The Earths producer organisms are primarily its green terrestrial plants and the algae in the oceans. These plants use the carbon from carbon dioxide to create sugar molecules through the process of photosynthesis. Terrestrial plants get their carbon dioxide from the atmosphere while marine plants get it from carbonic acid, the dissolved form of carbon dioxide. Plants feed themselves (autotrophs) with the sugars they make and store excess sugar in the form of glucose, proteins, fats and polysaccharides.

When herbivores and omnivores eat plants (and when another animal eats them), the carbon-containing molecules are stored in their bodies or broken down and used to make energy through the process of cellular respiration. One of the products of respiration is carbon dioxide which is released and re-enters the atmosphere and the oceans. This constant back and forth exchange of carbon between plants and the animals that eat them is a major part of the carbon cycle on Earth.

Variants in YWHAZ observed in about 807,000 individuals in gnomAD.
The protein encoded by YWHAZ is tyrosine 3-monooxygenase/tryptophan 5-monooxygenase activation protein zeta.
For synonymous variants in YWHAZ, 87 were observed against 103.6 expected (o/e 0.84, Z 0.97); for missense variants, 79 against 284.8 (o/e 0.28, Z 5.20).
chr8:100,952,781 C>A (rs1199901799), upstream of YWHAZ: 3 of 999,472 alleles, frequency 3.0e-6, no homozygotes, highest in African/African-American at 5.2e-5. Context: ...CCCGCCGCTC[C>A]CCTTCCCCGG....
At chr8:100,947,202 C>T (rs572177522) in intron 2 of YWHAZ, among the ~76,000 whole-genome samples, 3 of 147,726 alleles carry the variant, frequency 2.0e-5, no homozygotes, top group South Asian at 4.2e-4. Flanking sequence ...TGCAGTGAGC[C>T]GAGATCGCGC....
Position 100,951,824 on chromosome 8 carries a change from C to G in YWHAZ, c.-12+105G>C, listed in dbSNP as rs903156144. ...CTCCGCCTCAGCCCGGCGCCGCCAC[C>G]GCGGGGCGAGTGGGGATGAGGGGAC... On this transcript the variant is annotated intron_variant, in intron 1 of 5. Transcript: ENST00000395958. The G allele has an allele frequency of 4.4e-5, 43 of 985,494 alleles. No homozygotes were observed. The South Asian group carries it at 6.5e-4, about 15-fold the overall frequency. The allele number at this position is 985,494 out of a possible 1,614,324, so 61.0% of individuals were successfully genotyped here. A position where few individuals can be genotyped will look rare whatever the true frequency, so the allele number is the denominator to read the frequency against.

Carbon cycle full
The image above shows the carbon cycle on earth including the important roles that animal/human respiration and photosynthesis play.

References

  • OpenStax, Biology. OpenStax. May 20, 2013. http://cnx.org/content/col11448/latest/